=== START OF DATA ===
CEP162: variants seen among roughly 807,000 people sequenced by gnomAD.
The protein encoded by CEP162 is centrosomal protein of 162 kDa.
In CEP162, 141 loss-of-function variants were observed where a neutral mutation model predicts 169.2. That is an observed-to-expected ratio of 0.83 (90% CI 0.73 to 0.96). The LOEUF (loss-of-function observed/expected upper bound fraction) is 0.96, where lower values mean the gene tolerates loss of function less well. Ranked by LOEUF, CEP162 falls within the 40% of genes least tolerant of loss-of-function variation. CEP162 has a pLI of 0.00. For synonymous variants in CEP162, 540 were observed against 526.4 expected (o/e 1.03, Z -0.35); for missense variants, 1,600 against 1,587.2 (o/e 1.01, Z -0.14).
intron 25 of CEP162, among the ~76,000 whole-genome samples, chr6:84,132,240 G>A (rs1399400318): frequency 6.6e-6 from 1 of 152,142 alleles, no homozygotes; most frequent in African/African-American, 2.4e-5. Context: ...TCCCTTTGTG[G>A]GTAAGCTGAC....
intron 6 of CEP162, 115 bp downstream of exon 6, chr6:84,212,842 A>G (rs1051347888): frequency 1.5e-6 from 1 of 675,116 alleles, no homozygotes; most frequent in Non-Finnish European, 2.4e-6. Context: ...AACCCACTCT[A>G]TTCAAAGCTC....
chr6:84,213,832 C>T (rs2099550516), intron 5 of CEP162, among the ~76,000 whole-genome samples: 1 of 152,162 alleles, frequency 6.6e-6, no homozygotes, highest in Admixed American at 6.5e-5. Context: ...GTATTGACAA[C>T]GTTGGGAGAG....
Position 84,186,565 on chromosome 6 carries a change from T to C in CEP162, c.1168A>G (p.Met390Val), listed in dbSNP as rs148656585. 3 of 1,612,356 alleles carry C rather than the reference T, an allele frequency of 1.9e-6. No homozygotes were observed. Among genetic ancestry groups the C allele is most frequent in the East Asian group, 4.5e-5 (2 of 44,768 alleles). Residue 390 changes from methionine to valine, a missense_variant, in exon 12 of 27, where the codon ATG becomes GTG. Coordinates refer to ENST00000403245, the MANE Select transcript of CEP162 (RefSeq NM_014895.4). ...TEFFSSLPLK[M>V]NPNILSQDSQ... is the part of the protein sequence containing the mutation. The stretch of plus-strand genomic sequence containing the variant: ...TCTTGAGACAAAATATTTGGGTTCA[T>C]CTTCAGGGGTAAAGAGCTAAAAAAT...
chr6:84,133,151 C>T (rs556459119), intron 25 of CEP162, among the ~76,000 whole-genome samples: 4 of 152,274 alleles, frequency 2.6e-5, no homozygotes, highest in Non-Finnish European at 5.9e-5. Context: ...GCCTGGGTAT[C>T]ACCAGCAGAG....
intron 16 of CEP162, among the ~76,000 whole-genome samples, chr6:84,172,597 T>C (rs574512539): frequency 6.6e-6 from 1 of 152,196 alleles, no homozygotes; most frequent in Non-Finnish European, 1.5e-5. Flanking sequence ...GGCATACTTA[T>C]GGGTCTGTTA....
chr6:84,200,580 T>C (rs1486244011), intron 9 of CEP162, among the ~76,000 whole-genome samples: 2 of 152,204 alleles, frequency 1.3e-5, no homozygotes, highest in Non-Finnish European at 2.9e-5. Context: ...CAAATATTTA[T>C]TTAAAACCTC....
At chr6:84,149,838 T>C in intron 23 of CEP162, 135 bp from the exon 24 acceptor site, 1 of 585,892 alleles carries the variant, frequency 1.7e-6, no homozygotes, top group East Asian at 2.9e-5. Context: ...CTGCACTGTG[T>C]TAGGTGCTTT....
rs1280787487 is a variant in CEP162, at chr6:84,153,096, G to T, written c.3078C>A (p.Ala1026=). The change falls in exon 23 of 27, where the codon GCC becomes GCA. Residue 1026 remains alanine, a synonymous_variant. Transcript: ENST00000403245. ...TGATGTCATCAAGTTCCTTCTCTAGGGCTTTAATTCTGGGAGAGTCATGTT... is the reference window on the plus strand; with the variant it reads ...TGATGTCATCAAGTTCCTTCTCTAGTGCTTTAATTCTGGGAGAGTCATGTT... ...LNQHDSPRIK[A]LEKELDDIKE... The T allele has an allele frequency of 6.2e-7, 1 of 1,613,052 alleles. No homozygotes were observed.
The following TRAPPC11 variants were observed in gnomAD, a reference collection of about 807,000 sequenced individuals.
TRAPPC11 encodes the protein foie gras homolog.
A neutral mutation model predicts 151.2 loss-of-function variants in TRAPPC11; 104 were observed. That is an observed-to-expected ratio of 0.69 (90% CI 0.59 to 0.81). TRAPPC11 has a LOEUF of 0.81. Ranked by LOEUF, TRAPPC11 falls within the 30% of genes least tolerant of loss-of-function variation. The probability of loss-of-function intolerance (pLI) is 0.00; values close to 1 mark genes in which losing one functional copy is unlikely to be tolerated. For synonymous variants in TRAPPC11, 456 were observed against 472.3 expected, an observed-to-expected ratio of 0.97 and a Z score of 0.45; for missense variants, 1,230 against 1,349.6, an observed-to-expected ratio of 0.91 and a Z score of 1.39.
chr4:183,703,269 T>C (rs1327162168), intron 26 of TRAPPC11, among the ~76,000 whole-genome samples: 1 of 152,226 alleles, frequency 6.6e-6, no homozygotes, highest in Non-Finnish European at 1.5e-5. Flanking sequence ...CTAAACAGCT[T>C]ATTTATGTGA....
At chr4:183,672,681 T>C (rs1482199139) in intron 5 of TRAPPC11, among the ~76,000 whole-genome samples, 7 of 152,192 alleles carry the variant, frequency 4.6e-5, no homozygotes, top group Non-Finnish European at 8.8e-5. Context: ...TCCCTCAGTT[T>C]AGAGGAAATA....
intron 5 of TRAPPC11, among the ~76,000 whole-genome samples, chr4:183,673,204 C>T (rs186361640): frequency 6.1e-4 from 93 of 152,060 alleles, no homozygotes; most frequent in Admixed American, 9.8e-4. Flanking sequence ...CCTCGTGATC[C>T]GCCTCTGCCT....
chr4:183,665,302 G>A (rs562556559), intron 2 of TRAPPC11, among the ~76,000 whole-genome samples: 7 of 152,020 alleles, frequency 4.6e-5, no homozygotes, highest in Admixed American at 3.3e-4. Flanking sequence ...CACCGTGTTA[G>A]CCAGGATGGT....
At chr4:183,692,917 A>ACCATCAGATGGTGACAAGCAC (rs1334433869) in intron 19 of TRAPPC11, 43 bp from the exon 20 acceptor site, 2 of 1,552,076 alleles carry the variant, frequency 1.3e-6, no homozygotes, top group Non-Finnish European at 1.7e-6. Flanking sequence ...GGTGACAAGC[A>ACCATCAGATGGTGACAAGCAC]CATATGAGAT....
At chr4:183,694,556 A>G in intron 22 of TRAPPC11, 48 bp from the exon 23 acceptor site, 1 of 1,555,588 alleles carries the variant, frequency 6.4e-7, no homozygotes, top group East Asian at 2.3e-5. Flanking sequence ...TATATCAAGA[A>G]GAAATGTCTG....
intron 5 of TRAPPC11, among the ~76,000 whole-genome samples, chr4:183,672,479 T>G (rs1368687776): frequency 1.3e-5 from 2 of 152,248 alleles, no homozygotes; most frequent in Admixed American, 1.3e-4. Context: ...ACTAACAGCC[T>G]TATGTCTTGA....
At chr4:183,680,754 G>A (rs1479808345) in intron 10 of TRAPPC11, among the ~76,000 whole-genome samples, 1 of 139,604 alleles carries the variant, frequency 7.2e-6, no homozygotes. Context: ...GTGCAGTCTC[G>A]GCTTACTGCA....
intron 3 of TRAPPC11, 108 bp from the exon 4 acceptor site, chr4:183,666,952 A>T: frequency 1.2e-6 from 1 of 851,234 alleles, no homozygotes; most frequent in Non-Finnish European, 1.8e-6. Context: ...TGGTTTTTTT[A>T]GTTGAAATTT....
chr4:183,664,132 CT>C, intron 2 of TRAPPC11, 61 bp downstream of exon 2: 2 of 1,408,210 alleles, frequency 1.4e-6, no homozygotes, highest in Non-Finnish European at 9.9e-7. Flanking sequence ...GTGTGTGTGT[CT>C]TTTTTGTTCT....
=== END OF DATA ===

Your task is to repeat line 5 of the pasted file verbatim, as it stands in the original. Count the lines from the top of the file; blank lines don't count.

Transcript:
intron 6 of CEP162, 115 bp downstream of exon 6, chr6:84,212,842 A>G (rs1051347888): frequency 1.5e-6 from 1 of 675,116 alleles, no homozygotes; most frequent in Non-Finnish European, 2.4e-6. Context: ...AACCCACTCT[A>G]TTCAAAGCTC....